Meda N, Coulibaly M, Nebie Y, Diallo I, Traore Y, Ouedraogo LT, 2016. Magnitude of maternal anaemia in rural Burkina Faso: contribution of nutritional factors and infectious diseases. Adv Public Health 2016: 17.

    • Search Google Scholar
    • Export Citation
  • 14.

    Black RE et al. 2017. Comprehensive review of the evidence regarding the effectiveness of community-based primary health care in improving maternal, neonatal and child health: 8. summary and recommendations of the expert panel. J Glob Health 7: 010908.

    • Search Google Scholar
    • Export Citation
  • 15.

    ARES, 2016. Programme Interuniversitaire Ciblé. Available at: https://www.ares-ac.be/images/prd-pfs/rapports/ARES-PRD_Rapport-de-resultats-des-programmes-2008-2009.pdf. Accessed October 28, 2016.

  • 16.

    Sanchis-Gomar F, Cortell-Ballester J, Pareja-Galeano H, Banfi G, Lippi G, 2013. Hemoglobin point-of-care testing. J Lab Autom 18: 198205.

  • 17.

    Brown AW, Li P, Brown MMB, Kaiser KA, Keith SW, Oakes JM, Allison DB, 2015. Best (but oft-forgotten) practices: designing, analyzing, and reporting cluster randomized controlled trials. Am J Clin Nutr 102: 241248.

    • Search Google Scholar
    • Export Citation
  • 18.

    Donner A, Birkett N, Buck C, 1981. Randomization by cluster: sample size requirements and analysis. Am J Epidemiol 114: 906914.

  • 19.

    Donner A, Klar N, 2000. Design and Analysis of Cluster Randomization Trials in Health Research. London, UK: Arnold.

  • 20.

    World Medical Association, 2018. WMA Declaration of Helsinki—Ethical Principles for Medical Research Involving Human Subjects. Available at: https://www.wma.net/policies-post/wma-declaration-of-helsinki-ethical-principles-for-medical-research-involving-human-subjects/. Accessed December 19, 2018.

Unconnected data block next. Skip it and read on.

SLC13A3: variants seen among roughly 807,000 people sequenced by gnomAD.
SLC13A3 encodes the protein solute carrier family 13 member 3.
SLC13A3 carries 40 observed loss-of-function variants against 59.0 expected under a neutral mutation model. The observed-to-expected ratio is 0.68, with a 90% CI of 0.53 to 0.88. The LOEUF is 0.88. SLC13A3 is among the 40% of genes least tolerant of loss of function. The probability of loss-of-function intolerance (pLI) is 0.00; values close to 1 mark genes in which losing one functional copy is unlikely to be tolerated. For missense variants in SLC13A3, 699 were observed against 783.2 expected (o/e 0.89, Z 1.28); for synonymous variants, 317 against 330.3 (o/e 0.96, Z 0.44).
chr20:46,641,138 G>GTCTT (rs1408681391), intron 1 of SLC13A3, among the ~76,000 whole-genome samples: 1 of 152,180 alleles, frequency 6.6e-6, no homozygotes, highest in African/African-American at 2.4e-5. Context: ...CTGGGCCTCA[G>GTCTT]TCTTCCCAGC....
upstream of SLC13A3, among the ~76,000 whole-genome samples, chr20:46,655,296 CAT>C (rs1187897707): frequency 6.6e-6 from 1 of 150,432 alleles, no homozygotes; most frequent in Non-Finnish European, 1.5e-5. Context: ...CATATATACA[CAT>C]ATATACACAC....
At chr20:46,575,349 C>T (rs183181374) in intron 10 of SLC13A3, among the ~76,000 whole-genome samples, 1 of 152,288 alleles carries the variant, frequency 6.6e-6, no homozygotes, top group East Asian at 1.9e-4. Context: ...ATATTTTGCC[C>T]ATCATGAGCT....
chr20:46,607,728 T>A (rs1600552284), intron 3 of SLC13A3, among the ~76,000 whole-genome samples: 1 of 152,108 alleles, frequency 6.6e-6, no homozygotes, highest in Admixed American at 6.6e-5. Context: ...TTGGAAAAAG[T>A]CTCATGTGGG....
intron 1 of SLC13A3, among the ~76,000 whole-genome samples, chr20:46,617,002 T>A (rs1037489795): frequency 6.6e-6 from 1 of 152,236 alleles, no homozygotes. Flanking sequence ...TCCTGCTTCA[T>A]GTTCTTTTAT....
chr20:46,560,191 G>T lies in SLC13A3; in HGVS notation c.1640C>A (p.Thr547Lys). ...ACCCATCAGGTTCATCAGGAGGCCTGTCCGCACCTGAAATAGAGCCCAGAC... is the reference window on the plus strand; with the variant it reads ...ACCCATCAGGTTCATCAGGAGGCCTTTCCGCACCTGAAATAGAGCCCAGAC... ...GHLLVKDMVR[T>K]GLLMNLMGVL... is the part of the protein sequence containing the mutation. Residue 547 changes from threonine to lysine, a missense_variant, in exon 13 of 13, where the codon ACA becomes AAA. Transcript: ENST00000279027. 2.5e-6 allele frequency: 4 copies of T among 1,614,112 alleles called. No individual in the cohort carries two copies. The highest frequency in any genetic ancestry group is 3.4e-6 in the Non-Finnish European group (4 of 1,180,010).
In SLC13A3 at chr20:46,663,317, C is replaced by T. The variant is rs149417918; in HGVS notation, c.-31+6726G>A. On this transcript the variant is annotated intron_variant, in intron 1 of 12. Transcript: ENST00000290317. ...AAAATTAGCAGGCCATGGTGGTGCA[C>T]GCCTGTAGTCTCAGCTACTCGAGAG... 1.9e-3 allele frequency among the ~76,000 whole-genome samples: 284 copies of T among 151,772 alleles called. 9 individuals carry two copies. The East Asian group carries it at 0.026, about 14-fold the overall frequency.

• 21.

    Nguyen PH et al. 2018. Engagement of husbands in a maternal nutrition program substantially contributed to greater intake of micronutrient supplements and dietary diversity during pregnancy: results of a cluster-randomized program evaluation in Bangladesh. J Nutr 148: 13521363.

    • Search Google Scholar
    • Export Citation
  • 22.

    Etheredge AJ et al. 2016. Iron supplementation among iron-replete and non-anemic pregnant women: a randomized placebo-controlled trial in Tanzania Analee. JAMA Pediatr 169: 947955.

    • Search Google Scholar
    • Export Citation
  • 23.

    Daru J, Cooper NAM, Khan KS, 2016. Systematic review of randomized trials of the effect of iron supplementation on iron stores and oxygen carrying capacity in pregnancy. Acta Obstet Gynecol Scand 95: 270279.

    • Search Google Scholar
    • Export Citation
  • 24.

    Ahamed F, Yadav K, Kant S, Saxena R, Bairwa M, Pandav CS, 2018. Effect of directly observed oral iron supplementation during pregnancy on iron status in a rural population in Haryana: a randomized controlled trial. Indian J Public Health 62: 287293.

    • Search Google Scholar
    • Export Citation
  • 25.

    Keats EC, Haider BA, Tam E, Bhutta ZA, 2019. Multiple-micronutrient supplementation for women during pregnancy. Cochrane Database Syst Rev 2019.

  • 26.

    Pasricha SR, Drakesmith H, Black J, Hipgrave D, Biggs B-AA, 2013. Control of iron deficiency anemia in low- and middle-income countries. Blood 121: 26072617.

    • Search Google Scholar
    • Export Citation
  • 27.